Barrier Methods of Birth Control

  • Medical Author:
    Melissa Conrad Stöppler, MD

    Melissa Conrad Stöppler, MD, is a U.S. board-certified Anatomic Pathologist with subspecialty training in the fields of Experimental and Molecular Pathology. Dr. Stöppler's educational background includes a BA with Highest Distinction from the University of Virginia and an MD from the University of North Carolina. She completed residency training in Anatomic Pathology at Georgetown University followed by subspecialty fellowship training in molecular diagnostics and experimental pathology.

  • Medical Editor: William C. Shiel Jr., MD, FACP, FACR
    William C. Shiel Jr., MD, FACP, FACR

    William C. Shiel Jr., MD, FACP, FACR

    Dr. Shiel received a Bachelor of Science degree with honors from the University of Notre Dame. There he was involved in research in radiation biology and received the Huisking Scholarship. After graduating from St. Louis University School of Medicine, he completed his Internal Medicine residency and Rheumatology fellowship at the University of California, Irvine. He is board-certified in Internal Medicine and Rheumatology.

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Quick GuideBirth Control Methods, Side Effects, Effectiveness

Birth Control Methods, Side Effects, Effectiveness

Birth control facts

  • Terminology that is used to describe birth control methods includes:
  • No matter what terminology is used, sexually active people can choose from a number of methods to reduce the possibility of pregnancy. Nevertheless, no method of birth control available today offers perfect protection against sexually transmitted infections (sexually transmitted diseases, or STDs), except abstinence.
  • In simple terms, all methods of birth control are based on either preventing a man's sperm from reaching and entering a woman's egg (fertilization) or preventing the fertilized egg from implanting in the woman's uterus (her womb) and starting to grow.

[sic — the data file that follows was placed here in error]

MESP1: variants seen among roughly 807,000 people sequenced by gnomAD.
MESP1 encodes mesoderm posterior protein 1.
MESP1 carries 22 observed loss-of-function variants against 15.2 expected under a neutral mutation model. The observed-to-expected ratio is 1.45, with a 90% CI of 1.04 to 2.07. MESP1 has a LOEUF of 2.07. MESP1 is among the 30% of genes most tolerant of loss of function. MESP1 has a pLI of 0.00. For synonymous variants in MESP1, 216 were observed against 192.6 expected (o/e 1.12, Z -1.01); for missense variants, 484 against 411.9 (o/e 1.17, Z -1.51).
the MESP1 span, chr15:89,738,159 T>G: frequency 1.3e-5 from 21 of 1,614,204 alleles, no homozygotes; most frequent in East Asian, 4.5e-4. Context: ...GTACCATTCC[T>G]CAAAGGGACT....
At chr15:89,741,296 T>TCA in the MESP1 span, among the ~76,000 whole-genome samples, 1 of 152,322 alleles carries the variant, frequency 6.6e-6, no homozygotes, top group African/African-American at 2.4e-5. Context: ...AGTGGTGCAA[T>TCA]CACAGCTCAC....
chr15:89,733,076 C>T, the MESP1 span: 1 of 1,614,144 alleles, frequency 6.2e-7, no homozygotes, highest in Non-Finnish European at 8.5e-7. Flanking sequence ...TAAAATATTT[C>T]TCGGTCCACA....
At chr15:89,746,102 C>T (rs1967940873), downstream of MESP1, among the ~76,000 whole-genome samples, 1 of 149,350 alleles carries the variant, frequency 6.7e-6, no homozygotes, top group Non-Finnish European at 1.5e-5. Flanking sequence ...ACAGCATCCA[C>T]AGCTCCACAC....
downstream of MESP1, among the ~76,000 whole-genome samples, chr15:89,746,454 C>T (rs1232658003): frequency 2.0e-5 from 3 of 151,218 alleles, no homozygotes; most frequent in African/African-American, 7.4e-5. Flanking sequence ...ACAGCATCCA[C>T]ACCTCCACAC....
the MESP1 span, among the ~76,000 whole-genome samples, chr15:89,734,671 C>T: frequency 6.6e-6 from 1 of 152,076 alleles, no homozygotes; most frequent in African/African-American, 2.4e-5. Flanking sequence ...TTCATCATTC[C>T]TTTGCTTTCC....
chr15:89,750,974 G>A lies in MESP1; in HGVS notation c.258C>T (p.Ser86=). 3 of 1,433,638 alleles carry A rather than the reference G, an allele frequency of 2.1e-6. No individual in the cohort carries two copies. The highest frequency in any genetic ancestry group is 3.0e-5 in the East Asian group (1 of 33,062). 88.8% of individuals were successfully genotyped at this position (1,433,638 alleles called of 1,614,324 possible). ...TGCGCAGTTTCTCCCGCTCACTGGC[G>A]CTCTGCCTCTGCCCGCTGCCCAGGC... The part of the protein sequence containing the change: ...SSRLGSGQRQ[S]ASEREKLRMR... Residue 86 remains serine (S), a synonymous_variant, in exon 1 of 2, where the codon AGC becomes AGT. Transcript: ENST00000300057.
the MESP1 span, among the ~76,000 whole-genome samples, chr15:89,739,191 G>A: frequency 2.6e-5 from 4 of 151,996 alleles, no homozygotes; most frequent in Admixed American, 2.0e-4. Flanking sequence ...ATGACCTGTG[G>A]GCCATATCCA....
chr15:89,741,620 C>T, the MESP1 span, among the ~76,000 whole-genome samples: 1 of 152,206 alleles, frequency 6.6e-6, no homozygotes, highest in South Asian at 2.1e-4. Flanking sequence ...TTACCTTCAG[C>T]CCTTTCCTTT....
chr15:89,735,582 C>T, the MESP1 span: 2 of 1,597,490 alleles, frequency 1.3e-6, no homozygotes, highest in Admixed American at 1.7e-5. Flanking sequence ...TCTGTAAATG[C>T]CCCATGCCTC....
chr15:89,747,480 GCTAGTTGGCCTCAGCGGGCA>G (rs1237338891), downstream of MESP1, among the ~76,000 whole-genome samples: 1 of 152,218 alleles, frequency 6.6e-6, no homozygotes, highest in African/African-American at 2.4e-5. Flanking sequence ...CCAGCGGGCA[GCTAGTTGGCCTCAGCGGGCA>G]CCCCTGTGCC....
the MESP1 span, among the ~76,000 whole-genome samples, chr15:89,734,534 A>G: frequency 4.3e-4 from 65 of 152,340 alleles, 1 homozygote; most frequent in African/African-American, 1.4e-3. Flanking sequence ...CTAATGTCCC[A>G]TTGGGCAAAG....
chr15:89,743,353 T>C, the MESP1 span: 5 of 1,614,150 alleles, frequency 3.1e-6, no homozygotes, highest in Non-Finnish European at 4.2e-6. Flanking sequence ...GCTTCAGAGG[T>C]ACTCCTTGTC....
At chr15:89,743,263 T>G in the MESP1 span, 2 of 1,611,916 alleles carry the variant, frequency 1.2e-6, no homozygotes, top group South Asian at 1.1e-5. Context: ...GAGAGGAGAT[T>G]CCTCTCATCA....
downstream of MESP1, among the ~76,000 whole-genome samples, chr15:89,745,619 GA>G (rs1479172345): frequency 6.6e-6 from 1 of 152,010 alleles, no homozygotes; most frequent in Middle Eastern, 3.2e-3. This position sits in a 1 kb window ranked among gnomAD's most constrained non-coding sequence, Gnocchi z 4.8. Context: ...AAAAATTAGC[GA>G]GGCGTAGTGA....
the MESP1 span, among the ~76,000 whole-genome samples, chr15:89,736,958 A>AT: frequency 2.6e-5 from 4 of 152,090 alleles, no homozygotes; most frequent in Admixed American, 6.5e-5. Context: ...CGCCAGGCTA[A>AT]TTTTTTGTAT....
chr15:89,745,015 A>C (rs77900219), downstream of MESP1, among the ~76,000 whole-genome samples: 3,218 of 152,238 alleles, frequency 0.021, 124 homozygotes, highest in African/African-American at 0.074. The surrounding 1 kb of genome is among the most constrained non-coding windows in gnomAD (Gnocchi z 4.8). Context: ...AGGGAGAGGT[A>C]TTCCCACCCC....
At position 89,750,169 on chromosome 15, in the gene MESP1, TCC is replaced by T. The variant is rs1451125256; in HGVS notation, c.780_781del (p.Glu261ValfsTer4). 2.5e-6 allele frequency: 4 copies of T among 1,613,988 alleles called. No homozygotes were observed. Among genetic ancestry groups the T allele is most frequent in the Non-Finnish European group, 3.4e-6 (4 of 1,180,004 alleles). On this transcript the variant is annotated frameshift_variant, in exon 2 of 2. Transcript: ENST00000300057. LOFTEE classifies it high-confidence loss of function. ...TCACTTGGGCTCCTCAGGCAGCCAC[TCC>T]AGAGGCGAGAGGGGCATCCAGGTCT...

• New methods of birth control are constantly being developed. This ongoing evolution of contraceptive technology allows a couple the flexibility to change their choice of birth control based on their personal circumstances at the time.
  • Unfortunately, no birth control method, except abstinence, is considered to be 100% effective, and this continues to be seemingly insurmountable problem in the developments of new contraceptive options.

What are barrier methods of birth control (contraception)?

Barrier methods of contraception work by creating a physical barrier between sperm and egg cells so that fertilization cannot occur. The most common forms of barrier contraception are:

Spermicides, a form of chemical contraceptive that work by killing sperm, are often combined with barrier methods of contraception for greater effectiveness.

Barrier methods of contraception generally do not have the side effects of hormonal contraceptives, and some forms of barrier contraception (contraceptive sponges and condoms) may be obtained without a prescription and easily purchased over the counter at pharmacies.

The only medical contraindication to the use of barrier contraception is latex allergy (when using latex condoms). However, with the exception of male and female condoms that can provide some protection against infection with sexually-transmitted diseases (STDs), most methods of barrier contraception are not effective in preventing STDs.

Medically Reviewed by a Doctor on 6/10/2016

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